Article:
Harold Ousley

Grit-Grittin' Feelin'

  • AllMusic Rating
  • User Ratings (0)
  • Your Rating

Grit-Grittin' Feelin' Review

by Alex Henderson

Harold Ousley was never a big name in the jazz world, but his lack of recognition as a leader doesn't erase the fact that he's a decent player. Ousley had just turned 71 when, in January 2000, he recorded Grit-Gittin' Feelin', a competent, if unremarkable, hard bop outing that employs Jodie Christian on piano, John Whitfield on bass, and Robert Shy on drums. The title Grit-Gittin' Feelin' implies that this CD contains a lot of soul-jazz, it's the sort of title you would associate with a funky, gritty, down-home organ combo date by Jimmy Smith, Jack McDuff, or Jimmy McGriff. But for the most part, Grit-Gittin' Feelin' isn't soul-jazz. The title track, a catchy 12-bar blues number, is the closest this album gets to soul-jazz, most of the material (which ranges from "Canadian Sunset" and Billy Strayhorn's "Lush Life" to Ousley's own compositions) is straight-ahead 1950s-like hard bop. The most surprising thing on the album is a version of Donny Osmond's early '70s hit "Go Away, Little Girl," which Ousley gives an unlikely bop makeover. "Go Away, Little Girl" is the last song that one would expect a hard bopper to record, but then, no one expected Marlena Shaw to turn "Go Away, Little Girl" into a sassy soul number in 1977. Grit-Gittin' Feelin' isn't a masterpiece, but it's a decent album that underscores Delmark's willingness to document an underexposed jazzman.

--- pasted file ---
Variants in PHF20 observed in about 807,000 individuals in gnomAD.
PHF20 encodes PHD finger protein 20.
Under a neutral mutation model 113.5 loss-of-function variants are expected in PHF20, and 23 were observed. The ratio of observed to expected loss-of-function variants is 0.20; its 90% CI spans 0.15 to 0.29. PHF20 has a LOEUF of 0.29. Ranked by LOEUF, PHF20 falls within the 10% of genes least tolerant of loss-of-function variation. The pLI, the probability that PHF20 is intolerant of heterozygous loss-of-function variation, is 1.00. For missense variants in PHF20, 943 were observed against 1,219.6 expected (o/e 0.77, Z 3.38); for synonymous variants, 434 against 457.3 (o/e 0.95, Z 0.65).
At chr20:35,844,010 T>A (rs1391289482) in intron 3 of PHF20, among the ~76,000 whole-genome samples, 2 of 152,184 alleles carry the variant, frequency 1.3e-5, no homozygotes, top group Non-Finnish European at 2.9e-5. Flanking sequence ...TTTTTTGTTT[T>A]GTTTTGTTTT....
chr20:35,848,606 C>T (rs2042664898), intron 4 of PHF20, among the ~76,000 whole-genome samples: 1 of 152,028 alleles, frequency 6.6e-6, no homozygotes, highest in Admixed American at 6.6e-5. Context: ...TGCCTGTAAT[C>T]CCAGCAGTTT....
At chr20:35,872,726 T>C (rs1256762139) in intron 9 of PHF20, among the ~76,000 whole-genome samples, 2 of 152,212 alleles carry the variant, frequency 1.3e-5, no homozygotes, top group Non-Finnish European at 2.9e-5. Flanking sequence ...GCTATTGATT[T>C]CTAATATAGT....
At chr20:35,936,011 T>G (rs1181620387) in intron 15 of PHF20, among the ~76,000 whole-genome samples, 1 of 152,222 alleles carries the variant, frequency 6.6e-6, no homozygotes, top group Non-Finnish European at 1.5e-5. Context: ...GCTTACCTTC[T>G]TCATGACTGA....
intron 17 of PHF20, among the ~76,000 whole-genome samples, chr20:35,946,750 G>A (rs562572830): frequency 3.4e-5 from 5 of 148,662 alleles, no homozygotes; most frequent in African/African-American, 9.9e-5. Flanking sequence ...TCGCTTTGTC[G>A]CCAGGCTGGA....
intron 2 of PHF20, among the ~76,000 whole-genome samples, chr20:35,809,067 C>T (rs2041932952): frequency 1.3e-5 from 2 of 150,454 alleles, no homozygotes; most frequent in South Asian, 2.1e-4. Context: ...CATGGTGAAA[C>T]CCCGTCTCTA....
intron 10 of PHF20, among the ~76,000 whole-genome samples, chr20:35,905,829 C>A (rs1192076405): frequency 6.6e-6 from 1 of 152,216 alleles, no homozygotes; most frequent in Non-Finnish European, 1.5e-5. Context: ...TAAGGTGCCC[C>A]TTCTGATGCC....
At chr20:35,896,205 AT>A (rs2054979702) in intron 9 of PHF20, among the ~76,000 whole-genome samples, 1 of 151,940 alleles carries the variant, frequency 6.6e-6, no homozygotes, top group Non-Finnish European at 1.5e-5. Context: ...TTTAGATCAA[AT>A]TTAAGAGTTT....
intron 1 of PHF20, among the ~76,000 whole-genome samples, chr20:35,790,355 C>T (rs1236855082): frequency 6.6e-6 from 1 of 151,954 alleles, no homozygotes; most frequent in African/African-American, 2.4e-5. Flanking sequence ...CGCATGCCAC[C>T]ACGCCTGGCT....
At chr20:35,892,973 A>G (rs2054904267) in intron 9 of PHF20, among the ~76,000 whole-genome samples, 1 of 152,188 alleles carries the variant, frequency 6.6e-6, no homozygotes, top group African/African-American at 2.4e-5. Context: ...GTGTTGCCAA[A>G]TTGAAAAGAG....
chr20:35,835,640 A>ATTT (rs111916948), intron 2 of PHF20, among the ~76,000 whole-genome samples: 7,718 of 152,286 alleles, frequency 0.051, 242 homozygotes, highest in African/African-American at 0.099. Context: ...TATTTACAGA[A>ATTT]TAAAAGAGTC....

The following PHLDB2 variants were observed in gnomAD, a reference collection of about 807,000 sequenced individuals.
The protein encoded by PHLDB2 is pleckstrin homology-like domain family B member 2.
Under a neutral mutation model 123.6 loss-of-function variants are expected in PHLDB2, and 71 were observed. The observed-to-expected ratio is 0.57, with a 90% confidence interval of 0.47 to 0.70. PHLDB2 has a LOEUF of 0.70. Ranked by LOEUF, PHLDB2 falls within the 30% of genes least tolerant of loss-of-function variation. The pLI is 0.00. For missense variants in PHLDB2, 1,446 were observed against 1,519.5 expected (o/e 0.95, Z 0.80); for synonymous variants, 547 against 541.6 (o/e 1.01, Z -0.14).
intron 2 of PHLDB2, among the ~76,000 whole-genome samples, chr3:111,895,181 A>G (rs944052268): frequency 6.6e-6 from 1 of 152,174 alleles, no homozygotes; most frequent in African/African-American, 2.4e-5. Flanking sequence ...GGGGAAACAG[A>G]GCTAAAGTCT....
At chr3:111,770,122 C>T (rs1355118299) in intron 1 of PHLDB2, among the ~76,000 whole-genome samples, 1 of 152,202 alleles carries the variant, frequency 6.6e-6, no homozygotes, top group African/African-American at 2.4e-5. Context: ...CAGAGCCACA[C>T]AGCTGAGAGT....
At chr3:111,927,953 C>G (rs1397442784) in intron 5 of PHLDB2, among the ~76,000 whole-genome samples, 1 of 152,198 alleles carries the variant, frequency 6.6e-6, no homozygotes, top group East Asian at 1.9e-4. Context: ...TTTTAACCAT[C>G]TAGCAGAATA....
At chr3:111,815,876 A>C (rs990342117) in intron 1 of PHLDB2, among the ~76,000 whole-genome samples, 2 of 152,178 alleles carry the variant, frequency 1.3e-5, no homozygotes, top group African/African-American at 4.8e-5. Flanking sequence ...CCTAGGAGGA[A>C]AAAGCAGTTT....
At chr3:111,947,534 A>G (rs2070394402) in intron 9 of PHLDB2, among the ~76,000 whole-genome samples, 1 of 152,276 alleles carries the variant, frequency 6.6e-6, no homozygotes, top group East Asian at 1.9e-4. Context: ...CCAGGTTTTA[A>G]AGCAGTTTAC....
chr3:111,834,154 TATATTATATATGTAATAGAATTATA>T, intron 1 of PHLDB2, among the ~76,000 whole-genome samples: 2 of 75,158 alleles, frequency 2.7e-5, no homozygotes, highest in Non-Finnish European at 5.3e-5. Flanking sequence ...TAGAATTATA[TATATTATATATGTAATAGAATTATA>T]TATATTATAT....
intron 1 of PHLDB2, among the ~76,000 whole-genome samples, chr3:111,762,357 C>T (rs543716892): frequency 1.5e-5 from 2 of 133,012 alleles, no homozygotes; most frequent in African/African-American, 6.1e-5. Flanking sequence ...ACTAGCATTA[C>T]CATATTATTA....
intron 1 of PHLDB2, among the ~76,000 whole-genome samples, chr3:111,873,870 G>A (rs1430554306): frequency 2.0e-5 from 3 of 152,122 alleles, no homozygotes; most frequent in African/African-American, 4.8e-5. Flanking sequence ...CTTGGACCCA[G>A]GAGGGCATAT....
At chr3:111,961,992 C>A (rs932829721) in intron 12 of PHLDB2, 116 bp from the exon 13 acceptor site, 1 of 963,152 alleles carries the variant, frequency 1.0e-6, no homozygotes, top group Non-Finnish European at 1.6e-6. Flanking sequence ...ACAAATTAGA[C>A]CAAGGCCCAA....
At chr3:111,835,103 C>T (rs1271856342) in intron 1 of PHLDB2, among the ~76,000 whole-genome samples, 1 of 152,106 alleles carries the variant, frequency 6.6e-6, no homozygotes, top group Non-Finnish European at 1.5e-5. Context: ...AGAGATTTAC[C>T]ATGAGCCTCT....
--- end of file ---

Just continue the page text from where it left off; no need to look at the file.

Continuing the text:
blue highlight denotes track pick